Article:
Brand Upon the Brain! (2006, Guy Maddin)

screened Sunday May 13 2007 at Village East Cinemas, New York NY IMDb

This is the view from my seat. The orchestra is dressed in black on the left, the three live foley artists (who used such implements as steel brushes, a full-size slamming door, and celery sticks to create the live sound effects) are dressed in white lab coats on the right, and narrator John Ashbery is in the center shaking hands with Guy Maddin on the right. (I have a closer shot of the two of them but it's pretty blurry). Not pictured -- the castrato who was sitting in the box seat to my left the whole time, and got up to sing all of one minute's worth of screen time. Needless to say, with all of this activity south of the screen, it was damn difficult to devote my full attention to Maddin's latest, a campily disturbing (or disturbingly campy) faux autobiography about a man named Guy Maddin's traumatic childhood in an orphanage, raised by a domineering mother and infatuated with a cross-dressing lesbian teen. As par for Maddin's crazed course, it's both intimate in its perversity yet coldly detached in its silent era formalism. Verdict is out on the film, as it was clearly upstaged by the event -- every time a sound effect was issued, I instinctively looked at the foley section to see the sound of wind generated from a wooden wheel, hands splashing in a pool to simulate the lapping of waves, and the crunching of a melon for the sound of a woman's teeth biting into a child's flesh.

But best of all I got to meet my favorite living poet, John Ashbery, whom I described to Robert Cargni, film curator at the International House in Philadelphia, as the Jean-Luc Godard of English language poetry. To wit, here's the opening of "Daffy Duck in Hollywood":

Something strange is creeping across me.

La Celestina has only to warble the first few bars

Of "I Thought about You" or something mellow from

Amadigi di Gaula for everything--a mint-condition can

Of Rumford's Baking Powder, a celluloid earring, Speedy

Gonzales, the latest from Helen Topping Miller's fertile

Escritoire, a sheaf of suggestive pix on greige, deckle-edged

Stock--to come clattering through the rainbow trellis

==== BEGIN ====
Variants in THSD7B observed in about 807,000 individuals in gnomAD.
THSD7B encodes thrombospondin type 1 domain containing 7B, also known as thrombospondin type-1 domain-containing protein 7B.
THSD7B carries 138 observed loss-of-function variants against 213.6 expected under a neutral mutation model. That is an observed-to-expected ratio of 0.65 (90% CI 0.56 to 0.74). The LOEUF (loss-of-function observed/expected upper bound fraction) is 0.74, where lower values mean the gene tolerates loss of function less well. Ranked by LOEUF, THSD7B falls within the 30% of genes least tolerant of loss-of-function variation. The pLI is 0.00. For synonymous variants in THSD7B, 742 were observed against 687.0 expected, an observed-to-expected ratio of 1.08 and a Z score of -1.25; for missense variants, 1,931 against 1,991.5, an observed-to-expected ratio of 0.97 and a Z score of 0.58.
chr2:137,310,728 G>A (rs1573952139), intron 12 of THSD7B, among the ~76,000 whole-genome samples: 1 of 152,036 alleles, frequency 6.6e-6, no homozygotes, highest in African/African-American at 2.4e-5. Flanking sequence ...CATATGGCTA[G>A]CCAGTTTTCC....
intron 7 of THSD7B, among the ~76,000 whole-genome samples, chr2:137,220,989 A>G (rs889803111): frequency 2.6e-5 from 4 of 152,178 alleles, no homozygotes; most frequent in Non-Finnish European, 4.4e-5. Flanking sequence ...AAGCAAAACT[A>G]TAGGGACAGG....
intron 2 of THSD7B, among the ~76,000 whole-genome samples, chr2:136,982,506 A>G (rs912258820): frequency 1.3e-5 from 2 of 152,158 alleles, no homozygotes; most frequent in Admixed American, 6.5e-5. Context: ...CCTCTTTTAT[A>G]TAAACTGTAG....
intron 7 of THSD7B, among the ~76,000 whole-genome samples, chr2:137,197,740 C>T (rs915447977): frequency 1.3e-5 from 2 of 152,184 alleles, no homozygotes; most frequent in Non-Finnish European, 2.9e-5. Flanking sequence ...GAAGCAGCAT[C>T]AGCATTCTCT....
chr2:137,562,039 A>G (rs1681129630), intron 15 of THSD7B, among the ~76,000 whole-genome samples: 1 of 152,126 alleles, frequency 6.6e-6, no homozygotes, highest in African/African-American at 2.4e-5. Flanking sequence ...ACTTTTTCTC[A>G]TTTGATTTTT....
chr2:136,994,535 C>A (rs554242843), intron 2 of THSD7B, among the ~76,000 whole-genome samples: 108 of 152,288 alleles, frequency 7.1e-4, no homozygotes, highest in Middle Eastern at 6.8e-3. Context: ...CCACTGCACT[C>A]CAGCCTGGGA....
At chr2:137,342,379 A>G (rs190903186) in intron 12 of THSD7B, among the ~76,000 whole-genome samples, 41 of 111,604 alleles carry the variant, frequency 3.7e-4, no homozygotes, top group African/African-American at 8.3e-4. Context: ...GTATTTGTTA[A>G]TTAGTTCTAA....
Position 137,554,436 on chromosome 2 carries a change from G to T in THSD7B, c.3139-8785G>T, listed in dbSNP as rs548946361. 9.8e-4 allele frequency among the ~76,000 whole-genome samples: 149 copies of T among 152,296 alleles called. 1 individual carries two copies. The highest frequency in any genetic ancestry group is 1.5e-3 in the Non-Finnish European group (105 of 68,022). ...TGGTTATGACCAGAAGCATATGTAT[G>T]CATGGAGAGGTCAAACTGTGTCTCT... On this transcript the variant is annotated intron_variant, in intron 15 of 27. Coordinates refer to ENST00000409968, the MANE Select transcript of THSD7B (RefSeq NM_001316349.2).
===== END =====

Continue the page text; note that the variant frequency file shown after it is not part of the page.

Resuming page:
Where Pistachio Avenue rams the 2300 block of Highland

Fling Terrace. He promised he'd get me out of this one,

That mean old cartoonist, but just look what he's

Done to me now! I scarce dare approach me mug's attenuated

Reflection in yon hubcap, so jaundiced, so déconfit Are its lineaments--fun, no doubt, for some quack phrenologist's

Fern-clogged waiting room, but hardly what you'd call

Companionable. But everything is getting choked to the point of


somehow over the course of the poem we get from this narrowly manic mallardian stream of conscious monologue to a bird's eye view of life's splendrous variety and acceptance of our finite place within it.

Not what we see but how we see it matters; all's

Alike, the same, and we greet him who announces

The change as we would greet the change itself.

All life is but a figment; conversely, the tiny

Tome that slips from your hand is not perhaps the

Missing link in this invisible picnic whose leverage

Shrouds our sense of it. Therefore bivouac we

On this great, blond highway, unimpeded by

Veiled scruples, worn conundrums. Morning is

Impermanent. Grab sex things, swing up

Over the horizon like a boy

On a fishing expedition. No one really knows

Or cares whether this is the whole of which parts

Were vouchsafed--once--but to be ambling on's

The tradition more than the safekeeping of it. This mulch for

Play keeps them interested and busy while the big,

Vaguer stuff can decide what it wants--what maps, what

Model cities, how much waste space. Life, our

Life anyway, is between. We don't mind

Or notice any more that the sky is green, a parrot

One, but have our earnest where it chances on us,

Disingenuous, intrigued, inviting more,

Always invoking the echo, a summer's day.